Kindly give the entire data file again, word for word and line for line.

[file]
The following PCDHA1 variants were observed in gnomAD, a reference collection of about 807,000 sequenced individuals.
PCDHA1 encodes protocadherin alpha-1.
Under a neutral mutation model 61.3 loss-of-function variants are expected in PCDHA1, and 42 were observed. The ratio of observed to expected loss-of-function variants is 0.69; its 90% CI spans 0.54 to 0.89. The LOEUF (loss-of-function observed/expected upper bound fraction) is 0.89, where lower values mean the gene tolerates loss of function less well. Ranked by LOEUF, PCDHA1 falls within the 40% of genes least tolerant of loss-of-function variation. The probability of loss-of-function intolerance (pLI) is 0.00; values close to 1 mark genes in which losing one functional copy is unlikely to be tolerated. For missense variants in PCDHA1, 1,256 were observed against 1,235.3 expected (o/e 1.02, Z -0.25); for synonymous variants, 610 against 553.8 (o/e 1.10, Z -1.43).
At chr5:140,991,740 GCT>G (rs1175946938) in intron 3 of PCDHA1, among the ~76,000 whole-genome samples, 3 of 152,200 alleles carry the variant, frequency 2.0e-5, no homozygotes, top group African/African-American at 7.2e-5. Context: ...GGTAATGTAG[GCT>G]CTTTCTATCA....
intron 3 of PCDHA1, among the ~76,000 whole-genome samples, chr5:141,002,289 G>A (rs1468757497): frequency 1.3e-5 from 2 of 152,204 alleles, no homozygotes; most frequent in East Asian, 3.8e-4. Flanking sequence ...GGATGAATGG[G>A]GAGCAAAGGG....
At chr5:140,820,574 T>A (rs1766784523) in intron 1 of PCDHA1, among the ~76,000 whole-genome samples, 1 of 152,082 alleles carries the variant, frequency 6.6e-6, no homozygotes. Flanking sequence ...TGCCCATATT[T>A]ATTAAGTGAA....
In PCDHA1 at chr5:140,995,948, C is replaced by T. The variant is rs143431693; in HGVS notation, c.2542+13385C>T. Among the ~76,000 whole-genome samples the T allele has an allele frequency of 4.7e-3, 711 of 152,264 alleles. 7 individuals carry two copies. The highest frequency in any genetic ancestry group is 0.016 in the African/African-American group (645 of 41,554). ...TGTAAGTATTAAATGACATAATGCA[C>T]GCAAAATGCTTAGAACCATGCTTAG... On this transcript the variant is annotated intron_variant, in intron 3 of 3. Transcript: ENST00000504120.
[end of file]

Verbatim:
The following PCDHA1 variants were observed in gnomAD, a reference collection of about 807,000 sequenced individuals.
PCDHA1 encodes protocadherin alpha-1.
Under a neutral mutation model 61.3 loss-of-function variants are expected in PCDHA1, and 42 were observed. The ratio of observed to expected loss-of-function variants is 0.69; its 90% CI spans 0.54 to 0.89. The LOEUF (loss-of-function observed/expected upper bound fraction) is 0.89, where lower values mean the gene tolerates loss of function less well. Ranked by LOEUF, PCDHA1 falls within the 40% of genes least tolerant of loss-of-function variation. The probability of loss-of-function intolerance (pLI) is 0.00; values close to 1 mark genes in which losing one functional copy is unlikely to be tolerated. For missense variants in PCDHA1, 1,256 were observed against 1,235.3 expected (o/e 1.02, Z -0.25); for synonymous variants, 610 against 553.8 (o/e 1.10, Z -1.43).
At chr5:140,991,740 GCT>G (rs1175946938) in intron 3 of PCDHA1, among the ~76,000 whole-genome samples, 3 of 152,200 alleles carry the variant, frequency 2.0e-5, no homozygotes, top group African/African-American at 7.2e-5. Context: ...GGTAATGTAG[GCT>G]CTTTCTATCA....
intron 3 of PCDHA1, among the ~76,000 whole-genome samples, chr5:141,002,289 G>A (rs1468757497): frequency 1.3e-5 from 2 of 152,204 alleles, no homozygotes; most frequent in East Asian, 3.8e-4. Flanking sequence ...GGATGAATGG[G>A]GAGCAAAGGG....
At chr5:140,820,574 T>A (rs1766784523) in intron 1 of PCDHA1, among the ~76,000 whole-genome samples, 1 of 152,082 alleles carries the variant, frequency 6.6e-6, no homozygotes. Flanking sequence ...TGCCCATATT[T>A]ATTAAGTGAA....
In PCDHA1 at chr5:140,995,948, C is replaced by T. The variant is rs143431693; in HGVS notation, c.2542+13385C>T. Among the ~76,000 whole-genome samples the T allele has an allele frequency of 4.7e-3, 711 of 152,264 alleles. 7 individuals carry two copies. The highest frequency in any genetic ancestry group is 0.016 in the African/African-American group (645 of 41,554). ...TGTAAGTATTAAATGACATAATGCA[C>T]GCAAAATGCTTAGAACCATGCTTAG... On this transcript the variant is annotated intron_variant, in intron 3 of 3. Transcript: ENST00000504120.